NEW YORK (The Deal) -- Tony Zook is facing major headwinds in his effort to steer the fortunes of Vivus (VVUS - Get Report), and crucial to that effort is bringing the right licensing partner on board to help commercialize its weight-loss drug Qsymia.

"A large pharmaceutical partner is critical to realize the full potential of the Qsymia franchise and to build the market. To date we've made good progress in this area," Zook, Vivus' new CEO, said during the company's second quarter sales and earnings conference call with investors held late Tuesday, Aug. 7.

Vivus developed the promising weight-loss drug Qsymia, and received approval for it a little more than a year ago by the Food and Drug Administration. But it had a disappointing launch and this was borne out in its second-quarter financials. While Qsymia prescriptions were up 37% quarter over quarter, they translated into a mere $5.5 million in sales, and Vivus spent $52.5 million during the quarter. All those scripts were filled via its four certified mail-order pharmacies, a burdensome FDA requirement that has since been lifted.

Vivus recently suffered through a mutiny of sorts, a difficult proxy fight that was finally settled in favor of its 9.9% investor First Manhattan Corp. FMC insisted on the ouster of top management and the creation of a new 11-member board including CEO Tony Zook, a former AstraZeneca executive who has successfully commercialized several drugs. The new board was carefully selected, FMC said, to help provide the necessary expertise for the turnaround. Only one of the four non-FMC-chosen board members, Mark Logan, was appointed prior to April, when FMC began its activist campaign.

However, as the proxy fight was raging, Vivus started to make strides in its Qsymia launch. The company has signed up more than 10,000 certified retail pharmacies, including national and retail chains such as Walgreen ( WAG) and Duane Reade. Independent pharmacies will come on board in the fourth quarter, the company said. Along with expanding access to retail outlets, the company has been working with insurers to bring co-pays down to a more consumer-friendly $25 to $35, from the earlier $50 to $65 range.

The reduced co-pays and increased access should make the franchise more palatable to a big pharma partner. Plus, Vivus has increased its prescribing physicians by 39% to about 21,000, with endocrinologists making up the most active prescribers.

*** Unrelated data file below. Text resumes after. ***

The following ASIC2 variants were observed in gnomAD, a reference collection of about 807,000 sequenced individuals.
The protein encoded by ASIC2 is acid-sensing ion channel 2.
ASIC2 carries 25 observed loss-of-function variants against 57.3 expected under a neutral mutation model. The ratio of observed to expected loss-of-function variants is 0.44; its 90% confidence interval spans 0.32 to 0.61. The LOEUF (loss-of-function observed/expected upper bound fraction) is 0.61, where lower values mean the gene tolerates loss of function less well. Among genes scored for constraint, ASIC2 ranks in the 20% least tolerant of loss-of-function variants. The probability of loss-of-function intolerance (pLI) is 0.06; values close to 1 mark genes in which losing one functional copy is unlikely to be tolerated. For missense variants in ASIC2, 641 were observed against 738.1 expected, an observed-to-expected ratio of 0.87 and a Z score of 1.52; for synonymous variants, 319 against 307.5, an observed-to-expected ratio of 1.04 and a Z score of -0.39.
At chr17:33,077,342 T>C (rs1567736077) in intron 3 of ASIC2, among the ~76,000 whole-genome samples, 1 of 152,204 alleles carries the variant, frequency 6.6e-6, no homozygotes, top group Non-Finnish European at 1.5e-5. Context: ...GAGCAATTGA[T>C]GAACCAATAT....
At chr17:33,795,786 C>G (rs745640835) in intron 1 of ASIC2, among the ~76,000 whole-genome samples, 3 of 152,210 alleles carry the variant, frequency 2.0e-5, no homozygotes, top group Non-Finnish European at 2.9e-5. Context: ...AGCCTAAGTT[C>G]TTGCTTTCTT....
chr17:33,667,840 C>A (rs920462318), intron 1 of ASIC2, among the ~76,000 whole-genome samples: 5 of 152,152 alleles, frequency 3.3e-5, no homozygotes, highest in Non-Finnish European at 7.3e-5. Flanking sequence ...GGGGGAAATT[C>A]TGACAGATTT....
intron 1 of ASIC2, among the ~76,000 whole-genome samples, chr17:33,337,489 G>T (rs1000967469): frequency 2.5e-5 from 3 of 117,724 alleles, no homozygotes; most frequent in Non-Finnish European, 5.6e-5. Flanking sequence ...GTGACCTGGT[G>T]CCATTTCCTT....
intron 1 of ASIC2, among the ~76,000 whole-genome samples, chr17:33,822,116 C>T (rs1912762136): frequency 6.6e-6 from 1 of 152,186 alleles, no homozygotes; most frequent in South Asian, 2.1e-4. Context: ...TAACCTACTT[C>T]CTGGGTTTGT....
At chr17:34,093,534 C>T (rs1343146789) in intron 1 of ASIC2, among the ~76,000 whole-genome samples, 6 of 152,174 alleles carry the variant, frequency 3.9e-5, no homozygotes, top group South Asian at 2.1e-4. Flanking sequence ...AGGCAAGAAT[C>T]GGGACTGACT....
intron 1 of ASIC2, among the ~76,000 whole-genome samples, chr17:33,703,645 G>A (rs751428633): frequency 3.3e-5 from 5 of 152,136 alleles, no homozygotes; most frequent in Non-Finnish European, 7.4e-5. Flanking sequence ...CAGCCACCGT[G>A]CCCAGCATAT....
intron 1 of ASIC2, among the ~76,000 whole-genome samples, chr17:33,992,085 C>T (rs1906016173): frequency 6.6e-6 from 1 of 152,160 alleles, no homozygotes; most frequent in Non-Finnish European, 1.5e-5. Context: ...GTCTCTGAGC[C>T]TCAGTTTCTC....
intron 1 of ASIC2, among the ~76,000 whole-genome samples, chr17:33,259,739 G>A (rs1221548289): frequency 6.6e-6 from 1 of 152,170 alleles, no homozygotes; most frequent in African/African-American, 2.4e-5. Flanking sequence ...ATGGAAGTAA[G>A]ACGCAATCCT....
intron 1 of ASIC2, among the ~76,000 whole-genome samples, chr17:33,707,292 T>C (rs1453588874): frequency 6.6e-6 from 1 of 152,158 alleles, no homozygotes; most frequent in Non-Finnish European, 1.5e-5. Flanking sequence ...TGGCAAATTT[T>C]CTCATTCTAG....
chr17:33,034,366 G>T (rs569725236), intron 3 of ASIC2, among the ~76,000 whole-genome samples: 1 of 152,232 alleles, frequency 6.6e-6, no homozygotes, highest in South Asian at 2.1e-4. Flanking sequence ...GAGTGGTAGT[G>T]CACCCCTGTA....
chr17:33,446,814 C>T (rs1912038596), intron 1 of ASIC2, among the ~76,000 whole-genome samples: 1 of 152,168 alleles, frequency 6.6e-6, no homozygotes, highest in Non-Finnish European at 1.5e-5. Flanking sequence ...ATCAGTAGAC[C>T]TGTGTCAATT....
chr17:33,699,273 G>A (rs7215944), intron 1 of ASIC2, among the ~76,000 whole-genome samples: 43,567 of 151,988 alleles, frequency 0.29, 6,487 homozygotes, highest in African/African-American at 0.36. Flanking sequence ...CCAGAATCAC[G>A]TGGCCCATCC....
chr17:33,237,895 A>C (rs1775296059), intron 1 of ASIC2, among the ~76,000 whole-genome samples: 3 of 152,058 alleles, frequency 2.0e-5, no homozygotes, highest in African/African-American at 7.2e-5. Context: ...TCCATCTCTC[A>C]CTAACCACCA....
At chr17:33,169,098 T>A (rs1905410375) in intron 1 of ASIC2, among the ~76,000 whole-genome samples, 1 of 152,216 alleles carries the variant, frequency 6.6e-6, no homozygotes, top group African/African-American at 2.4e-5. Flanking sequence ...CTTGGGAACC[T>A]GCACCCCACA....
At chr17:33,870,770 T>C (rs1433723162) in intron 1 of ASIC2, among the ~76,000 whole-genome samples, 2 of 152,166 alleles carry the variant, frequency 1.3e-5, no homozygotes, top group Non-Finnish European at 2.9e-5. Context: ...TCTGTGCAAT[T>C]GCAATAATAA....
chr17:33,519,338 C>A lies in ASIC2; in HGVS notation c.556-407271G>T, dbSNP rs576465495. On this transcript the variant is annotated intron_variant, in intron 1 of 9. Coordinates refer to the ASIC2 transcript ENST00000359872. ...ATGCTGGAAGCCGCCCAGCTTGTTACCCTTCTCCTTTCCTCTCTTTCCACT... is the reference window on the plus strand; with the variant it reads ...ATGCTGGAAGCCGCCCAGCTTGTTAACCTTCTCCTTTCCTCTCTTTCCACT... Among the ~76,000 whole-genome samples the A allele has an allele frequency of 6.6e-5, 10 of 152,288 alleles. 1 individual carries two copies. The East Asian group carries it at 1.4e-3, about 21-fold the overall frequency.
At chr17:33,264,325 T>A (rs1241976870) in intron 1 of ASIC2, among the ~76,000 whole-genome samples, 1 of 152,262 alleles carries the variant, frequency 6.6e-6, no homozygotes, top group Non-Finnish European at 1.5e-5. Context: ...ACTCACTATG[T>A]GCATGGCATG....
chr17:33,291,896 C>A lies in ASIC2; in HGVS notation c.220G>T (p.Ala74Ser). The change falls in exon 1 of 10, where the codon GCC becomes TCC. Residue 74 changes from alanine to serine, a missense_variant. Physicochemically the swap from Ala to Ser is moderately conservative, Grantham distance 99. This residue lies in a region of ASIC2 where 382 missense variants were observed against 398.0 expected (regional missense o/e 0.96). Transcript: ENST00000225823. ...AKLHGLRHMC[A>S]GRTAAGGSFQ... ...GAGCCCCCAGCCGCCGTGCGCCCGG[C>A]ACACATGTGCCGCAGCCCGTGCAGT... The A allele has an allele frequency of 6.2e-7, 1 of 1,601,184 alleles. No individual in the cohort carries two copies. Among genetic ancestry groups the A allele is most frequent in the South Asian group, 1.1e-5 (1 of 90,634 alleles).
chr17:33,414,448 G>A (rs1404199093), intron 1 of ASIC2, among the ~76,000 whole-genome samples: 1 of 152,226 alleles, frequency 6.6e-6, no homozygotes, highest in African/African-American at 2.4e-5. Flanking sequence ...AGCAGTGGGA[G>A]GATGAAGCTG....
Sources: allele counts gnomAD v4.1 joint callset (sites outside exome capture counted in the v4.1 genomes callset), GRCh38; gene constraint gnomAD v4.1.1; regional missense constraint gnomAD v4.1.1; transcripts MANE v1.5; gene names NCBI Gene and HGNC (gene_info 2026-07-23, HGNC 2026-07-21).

Critical to Qsymia's momentum now is primary care practitioners who will prescribe the drug, which is what a partner could bring to the table. The company is continuing its discussions to select a large pharmaceutical company that will offer it the best option for increasing Qsymia commercialization efforts with primary care physicians, according to CFO Tim Morris. "We believe this is critical to maximizing the value of the brand and growing the obesity market."

"I believe potential partners will be impressed with the retail pharmacy uptake," Zook said. "The board and I are personally involved in this process and we're committed to completing these discussions as rapidly as possible," he added.

"Dealing with Vivus' operational issues will be no easy task," according to Cowen and Co. biotechnology analyst Simos Simeonidis. "But we have significantly more confidence in this new board and CEO's ability to: 1) fix the launch, 2) cut expenses, and 3) deliver a pharma partnership," Simeonidis wrote in an Aug. 7 research note. "Despite its disappointing launch we continue to view Qsymia as a very efficacious weight loss agent and expect an eventual pickup in Qsymia scripts in 2H13," he said.

-- Written by Pamela Taulbee in New York